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  • Writer's pictureVikki Sicaras

Understanding GA4 data—a quick users guide (Part 2)

Second installment in a three-part series.


When monitoring the activities of your website visitors and app users, it’s important to determine what data you want to see, and how to find and interpret it. In the first part of our Google Analytics 4 (GA4) users guide, we provided an overview of key data points and reports in the free analytics platform. This second installment defines features and terms users should know.


GA4 glossary


Web traffic overview. A dashboard or report that provides a high-level summary of the key metrics and insights related to the traffic on your website. Its primary purpose is to give you a quick snapshot of your website’s performance, allowing you to understand how users are interacting with your site at a glance.

  • Sessions: The total number of visits to your website.

  • Users: The number of unique visits.

  • Pageviews: The total number of pages viewed.

  • Average Session Duration: The average time users spend on your website.

  • Bounce Rate: The percentage of visitors who leave your site after viewing only one page.


These metrics offer a bird’s-eye view of your website’s popularity and user engagement. By tracking them over time, you can identify trends and assess the impact of changes or marketing efforts on your site’s performance.


Traffic Sources. One of the most important aspects of GA4 is its ability to break down your web traffic by sources. This information helps you understand where your visitors are coming from, enabling you to optimize your marketing strategies accordingly. GA4 categorizes traffic sources into three main categories:

  • Direct traffic: Visitors who directly type your website URL into their browsers or use bookmarks. These are your loyal users who know your brand well.

  • Organic Search: Users who find your site through search engines like Google and Bing. This data shows the effectiveness of your SEO efforts.

  • Referral Traffic: Visitors who land on your site from other websites, such as social media, partner sites or backlinks. It’s vital for identifying high-performing referral sources and partnerships.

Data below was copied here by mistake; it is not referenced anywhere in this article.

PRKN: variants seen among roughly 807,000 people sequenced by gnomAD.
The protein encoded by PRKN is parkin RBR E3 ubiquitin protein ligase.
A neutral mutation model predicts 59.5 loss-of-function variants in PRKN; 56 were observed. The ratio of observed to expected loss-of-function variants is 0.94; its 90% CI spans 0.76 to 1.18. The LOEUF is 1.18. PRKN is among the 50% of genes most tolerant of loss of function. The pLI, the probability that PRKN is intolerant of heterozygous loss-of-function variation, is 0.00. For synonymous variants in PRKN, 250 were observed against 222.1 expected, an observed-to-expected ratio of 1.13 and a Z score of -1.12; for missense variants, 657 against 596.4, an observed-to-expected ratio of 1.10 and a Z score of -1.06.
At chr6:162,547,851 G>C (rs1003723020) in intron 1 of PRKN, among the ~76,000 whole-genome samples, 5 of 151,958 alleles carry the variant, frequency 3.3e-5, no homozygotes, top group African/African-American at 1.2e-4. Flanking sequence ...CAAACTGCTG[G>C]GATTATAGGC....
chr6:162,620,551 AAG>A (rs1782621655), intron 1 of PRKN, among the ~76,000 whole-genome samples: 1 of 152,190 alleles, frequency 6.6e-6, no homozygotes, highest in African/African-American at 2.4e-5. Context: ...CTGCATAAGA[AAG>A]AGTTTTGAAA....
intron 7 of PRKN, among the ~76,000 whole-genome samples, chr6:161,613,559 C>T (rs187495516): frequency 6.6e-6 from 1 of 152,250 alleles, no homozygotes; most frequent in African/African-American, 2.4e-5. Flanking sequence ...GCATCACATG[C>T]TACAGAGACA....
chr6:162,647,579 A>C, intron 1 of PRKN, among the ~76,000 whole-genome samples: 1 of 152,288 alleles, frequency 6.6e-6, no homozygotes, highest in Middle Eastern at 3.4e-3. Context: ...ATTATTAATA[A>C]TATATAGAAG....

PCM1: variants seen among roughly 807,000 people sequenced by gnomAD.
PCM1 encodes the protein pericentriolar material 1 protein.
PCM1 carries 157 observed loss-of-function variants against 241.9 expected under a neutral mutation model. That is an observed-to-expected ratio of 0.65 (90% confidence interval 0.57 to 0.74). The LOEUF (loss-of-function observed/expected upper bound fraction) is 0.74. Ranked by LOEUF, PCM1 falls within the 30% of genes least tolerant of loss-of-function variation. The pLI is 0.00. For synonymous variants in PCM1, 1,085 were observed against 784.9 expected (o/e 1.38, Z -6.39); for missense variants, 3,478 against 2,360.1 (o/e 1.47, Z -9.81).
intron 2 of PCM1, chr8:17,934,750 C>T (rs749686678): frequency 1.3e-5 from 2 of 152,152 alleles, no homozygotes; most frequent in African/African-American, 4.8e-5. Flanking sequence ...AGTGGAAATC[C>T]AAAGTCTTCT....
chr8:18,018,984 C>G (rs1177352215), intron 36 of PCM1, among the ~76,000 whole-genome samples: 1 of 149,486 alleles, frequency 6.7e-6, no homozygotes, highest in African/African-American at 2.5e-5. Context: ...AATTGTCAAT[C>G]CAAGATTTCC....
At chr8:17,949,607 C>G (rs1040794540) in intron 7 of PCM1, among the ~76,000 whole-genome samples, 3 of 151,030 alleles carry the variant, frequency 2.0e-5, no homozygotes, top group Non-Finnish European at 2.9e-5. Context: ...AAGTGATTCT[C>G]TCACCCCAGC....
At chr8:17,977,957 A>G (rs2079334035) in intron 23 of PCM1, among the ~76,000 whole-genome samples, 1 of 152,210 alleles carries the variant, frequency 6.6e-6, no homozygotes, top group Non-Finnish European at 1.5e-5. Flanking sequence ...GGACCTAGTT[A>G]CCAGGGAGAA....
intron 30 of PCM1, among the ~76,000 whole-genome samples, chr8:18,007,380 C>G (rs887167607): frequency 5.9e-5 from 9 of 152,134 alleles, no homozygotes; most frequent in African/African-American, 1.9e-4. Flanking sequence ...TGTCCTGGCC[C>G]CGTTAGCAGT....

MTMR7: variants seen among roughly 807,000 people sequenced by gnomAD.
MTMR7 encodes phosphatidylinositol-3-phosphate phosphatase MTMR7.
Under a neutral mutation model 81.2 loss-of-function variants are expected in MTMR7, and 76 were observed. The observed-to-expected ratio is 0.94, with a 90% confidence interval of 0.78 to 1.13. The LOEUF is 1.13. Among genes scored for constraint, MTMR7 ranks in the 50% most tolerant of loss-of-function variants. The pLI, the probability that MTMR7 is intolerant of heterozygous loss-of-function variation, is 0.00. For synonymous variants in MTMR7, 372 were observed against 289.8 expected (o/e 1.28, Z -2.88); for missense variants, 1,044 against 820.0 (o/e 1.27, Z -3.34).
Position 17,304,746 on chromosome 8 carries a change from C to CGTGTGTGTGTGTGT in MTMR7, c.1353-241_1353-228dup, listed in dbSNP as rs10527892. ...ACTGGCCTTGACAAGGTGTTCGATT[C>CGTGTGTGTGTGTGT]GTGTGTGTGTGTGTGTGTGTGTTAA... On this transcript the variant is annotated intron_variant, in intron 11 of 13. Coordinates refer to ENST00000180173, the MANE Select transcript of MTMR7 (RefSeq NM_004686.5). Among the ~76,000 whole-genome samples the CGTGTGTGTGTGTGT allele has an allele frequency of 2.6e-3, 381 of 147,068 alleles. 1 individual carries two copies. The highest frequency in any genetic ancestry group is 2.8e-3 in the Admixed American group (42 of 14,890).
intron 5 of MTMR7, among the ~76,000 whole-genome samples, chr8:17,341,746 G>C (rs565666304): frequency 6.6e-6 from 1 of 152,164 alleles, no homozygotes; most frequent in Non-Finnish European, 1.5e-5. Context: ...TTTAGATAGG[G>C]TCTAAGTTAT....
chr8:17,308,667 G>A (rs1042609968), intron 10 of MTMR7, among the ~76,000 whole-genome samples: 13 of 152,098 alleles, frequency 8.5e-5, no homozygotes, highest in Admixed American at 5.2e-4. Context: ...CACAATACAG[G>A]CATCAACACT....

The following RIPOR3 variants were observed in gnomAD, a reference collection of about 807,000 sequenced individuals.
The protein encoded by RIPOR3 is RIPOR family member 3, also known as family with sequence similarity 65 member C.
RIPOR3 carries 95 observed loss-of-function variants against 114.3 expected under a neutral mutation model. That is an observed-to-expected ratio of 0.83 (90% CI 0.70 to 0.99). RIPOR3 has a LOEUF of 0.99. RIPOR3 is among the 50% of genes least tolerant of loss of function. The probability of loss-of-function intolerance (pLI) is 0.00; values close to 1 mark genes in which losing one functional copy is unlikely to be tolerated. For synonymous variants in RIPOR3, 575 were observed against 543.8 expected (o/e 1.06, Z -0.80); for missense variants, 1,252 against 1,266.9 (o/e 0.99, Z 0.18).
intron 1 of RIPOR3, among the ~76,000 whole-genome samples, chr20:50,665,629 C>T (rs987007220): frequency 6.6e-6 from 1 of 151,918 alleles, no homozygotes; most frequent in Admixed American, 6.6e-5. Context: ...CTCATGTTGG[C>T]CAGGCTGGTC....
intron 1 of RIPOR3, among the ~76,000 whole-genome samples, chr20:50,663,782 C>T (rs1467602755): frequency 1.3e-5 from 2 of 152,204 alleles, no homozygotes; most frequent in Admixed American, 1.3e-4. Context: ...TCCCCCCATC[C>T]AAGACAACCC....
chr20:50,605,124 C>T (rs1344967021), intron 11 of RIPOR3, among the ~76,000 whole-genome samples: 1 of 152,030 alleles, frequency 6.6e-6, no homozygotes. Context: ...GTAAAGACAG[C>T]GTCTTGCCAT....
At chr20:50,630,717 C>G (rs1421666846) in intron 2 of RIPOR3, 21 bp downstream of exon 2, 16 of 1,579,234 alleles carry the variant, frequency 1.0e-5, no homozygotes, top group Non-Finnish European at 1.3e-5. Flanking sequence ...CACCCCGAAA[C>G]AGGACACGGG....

• Paid Traffic: This category covers visitors who arrive via paid advertising campaigns, such as Google Ads or social media ads. It’s essential for tracking the return on investment (ROI) of your paid marketing efforts.

  • Social Traffic: This source indicates visitors from social media platforms. Analyzing social traffic helps gauge the success of your social media marketing campaigns.


Understanding these traffic sources allows you to allocate your marketing budget effectively and prioritize efforts that yield the highest ROI. For instance, if organic search traffic is your primary source, you might want to invest in more search engine optimization (SEO) efforts. If paid traffic drives significant conversions, consider scaling up your advertising budget.


Behavioral Analysis. In addition to traffic sources, GA4 offers valuable behavioral analysis tools. You can dive deeper into user behavior by examining:

  • Landing Pages: Identify which pages users land on when they visit your website. This can help you optimize those pages for better engagement.

  • Exit Pages: Determine where users are leaving your site. High exit rates on certain pages may indicate issues that need to be addressed.

  • Conversion Tracking: Set up goals and track conversion events to measure specific actions users take on your site, such as making a purchase, signing up for a newsletter or downloading content.


To learn more about web traffic data, how people found your site and how to download and share that data, see Part 3 of Understanding GA4 data—a quick users guide. Or contact AOE for assistance. We have team members experienced in GA4 who are happy to help!

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